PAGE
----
I can not say anything because the source is not clear, but the NATO symbol seems to be F - number attached to fuel system. I tried the F - 76 on the Internet but like a ship fuel. It is uncertain because there is no material. By the way, there was F - 18 (AVG). F - 40 (JET) etc according to the manual of the aviation fuel.
- Q7Can JET A – 1 be used for JET engine of small model airplane?
The main ingredient of kerosene used for JET A - 1 and for heating is the same kerosene fraction. Depending on the purpose of use, there are differences, it is the presence or absence of additives and the cost by the storage management method. Kerosene burned at low temperature and often used indoors has no additives such as smoke, but because of its high consumption, JET fuel with a high flow rate of the fuel itself has safety concerns such as antistatic agent Additives are contained. However, these additives are impurities only for fuels and may remain as soot if burned at low temperature, so it is not a good thing for the engine. Also, in the case of an airplane, even a slight breakdown of the airplane will cause a lot of damage, so we keep strict regulations regarding fuel storage and management, which is also a cause of high cost. I can not recommend it because of the reasons mentioned above. By the way, JET engine for ground test is often tested with kerosene.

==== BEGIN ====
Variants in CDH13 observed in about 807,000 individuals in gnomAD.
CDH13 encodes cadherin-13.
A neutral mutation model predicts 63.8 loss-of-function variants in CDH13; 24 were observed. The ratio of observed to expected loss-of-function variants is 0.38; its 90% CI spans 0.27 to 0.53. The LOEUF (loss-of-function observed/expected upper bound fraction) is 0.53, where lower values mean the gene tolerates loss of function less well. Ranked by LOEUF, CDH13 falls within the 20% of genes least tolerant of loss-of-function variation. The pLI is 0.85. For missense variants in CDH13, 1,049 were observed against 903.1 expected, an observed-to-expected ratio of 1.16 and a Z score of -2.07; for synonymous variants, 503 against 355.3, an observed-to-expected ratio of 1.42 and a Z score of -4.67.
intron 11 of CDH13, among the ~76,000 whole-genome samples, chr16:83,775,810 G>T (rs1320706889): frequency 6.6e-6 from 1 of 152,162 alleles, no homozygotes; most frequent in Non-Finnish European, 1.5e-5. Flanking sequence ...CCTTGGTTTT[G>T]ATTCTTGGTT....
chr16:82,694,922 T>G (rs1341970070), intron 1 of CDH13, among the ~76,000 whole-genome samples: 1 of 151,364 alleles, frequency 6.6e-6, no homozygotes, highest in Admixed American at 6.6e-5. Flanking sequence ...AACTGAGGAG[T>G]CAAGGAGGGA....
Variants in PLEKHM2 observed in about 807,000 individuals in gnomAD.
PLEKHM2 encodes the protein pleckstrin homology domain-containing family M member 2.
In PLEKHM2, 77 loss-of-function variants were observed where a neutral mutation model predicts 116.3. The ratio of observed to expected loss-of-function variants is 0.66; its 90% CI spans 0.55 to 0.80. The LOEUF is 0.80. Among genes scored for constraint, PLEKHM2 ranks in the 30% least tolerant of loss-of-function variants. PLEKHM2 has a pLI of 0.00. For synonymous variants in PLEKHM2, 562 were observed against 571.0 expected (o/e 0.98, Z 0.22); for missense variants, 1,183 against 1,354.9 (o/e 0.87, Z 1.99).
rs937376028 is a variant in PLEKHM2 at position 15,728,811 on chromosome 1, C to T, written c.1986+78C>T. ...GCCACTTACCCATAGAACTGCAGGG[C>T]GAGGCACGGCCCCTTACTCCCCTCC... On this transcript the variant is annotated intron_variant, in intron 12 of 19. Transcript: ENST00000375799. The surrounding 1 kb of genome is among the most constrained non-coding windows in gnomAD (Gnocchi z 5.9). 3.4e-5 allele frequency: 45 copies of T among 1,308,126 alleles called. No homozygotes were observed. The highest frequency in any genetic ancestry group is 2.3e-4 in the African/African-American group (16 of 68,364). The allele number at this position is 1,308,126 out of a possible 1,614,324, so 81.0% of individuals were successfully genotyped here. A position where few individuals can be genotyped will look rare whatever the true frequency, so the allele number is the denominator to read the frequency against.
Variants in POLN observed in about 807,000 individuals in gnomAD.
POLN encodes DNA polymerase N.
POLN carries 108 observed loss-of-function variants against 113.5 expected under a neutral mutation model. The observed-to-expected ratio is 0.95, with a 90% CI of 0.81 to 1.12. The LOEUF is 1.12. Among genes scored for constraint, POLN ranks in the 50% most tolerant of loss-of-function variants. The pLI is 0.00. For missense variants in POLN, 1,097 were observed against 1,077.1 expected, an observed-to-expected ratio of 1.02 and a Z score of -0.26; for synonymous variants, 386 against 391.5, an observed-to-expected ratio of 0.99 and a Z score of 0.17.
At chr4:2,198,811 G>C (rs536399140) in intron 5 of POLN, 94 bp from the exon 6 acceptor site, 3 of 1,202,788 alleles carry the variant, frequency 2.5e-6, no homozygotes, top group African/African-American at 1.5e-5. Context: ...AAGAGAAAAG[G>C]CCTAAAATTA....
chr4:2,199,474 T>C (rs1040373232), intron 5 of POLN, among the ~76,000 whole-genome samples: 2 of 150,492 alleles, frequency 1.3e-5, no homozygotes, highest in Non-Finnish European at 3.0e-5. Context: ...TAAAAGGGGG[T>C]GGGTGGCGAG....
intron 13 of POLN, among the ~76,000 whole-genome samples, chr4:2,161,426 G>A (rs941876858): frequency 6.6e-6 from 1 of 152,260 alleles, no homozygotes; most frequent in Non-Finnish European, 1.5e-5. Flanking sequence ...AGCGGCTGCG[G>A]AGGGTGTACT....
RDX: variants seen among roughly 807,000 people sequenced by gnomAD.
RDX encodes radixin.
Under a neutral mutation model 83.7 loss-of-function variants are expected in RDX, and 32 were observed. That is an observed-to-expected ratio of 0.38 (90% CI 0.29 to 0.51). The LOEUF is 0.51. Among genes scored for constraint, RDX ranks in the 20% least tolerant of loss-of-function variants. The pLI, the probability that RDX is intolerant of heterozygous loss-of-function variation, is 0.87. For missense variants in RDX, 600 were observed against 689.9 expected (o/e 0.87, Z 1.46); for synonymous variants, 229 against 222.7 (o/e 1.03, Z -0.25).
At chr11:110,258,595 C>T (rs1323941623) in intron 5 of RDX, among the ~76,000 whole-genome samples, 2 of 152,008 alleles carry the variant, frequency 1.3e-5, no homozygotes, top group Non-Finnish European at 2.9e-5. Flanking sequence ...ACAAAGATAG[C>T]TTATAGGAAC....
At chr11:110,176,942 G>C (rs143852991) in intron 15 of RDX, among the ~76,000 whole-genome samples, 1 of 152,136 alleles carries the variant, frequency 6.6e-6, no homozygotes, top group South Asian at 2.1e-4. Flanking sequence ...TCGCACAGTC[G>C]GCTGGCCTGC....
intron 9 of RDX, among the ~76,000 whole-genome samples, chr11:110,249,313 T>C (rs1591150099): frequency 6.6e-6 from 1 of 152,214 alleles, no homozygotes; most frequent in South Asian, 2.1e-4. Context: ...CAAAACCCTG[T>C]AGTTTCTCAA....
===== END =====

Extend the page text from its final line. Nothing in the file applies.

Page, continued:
- Q8Do I need duty-free paper when refueling JET A-1?
JET A - 1 falls under the taxable property of volatile oil tax, but we do not process tax exemption after we do the procedure of kerosene duty exemption at factories etc. If you use it for aircraft, you will be charged separately for aviation fuel tax.
- Q9Is Jet A-1 the same as kerosene?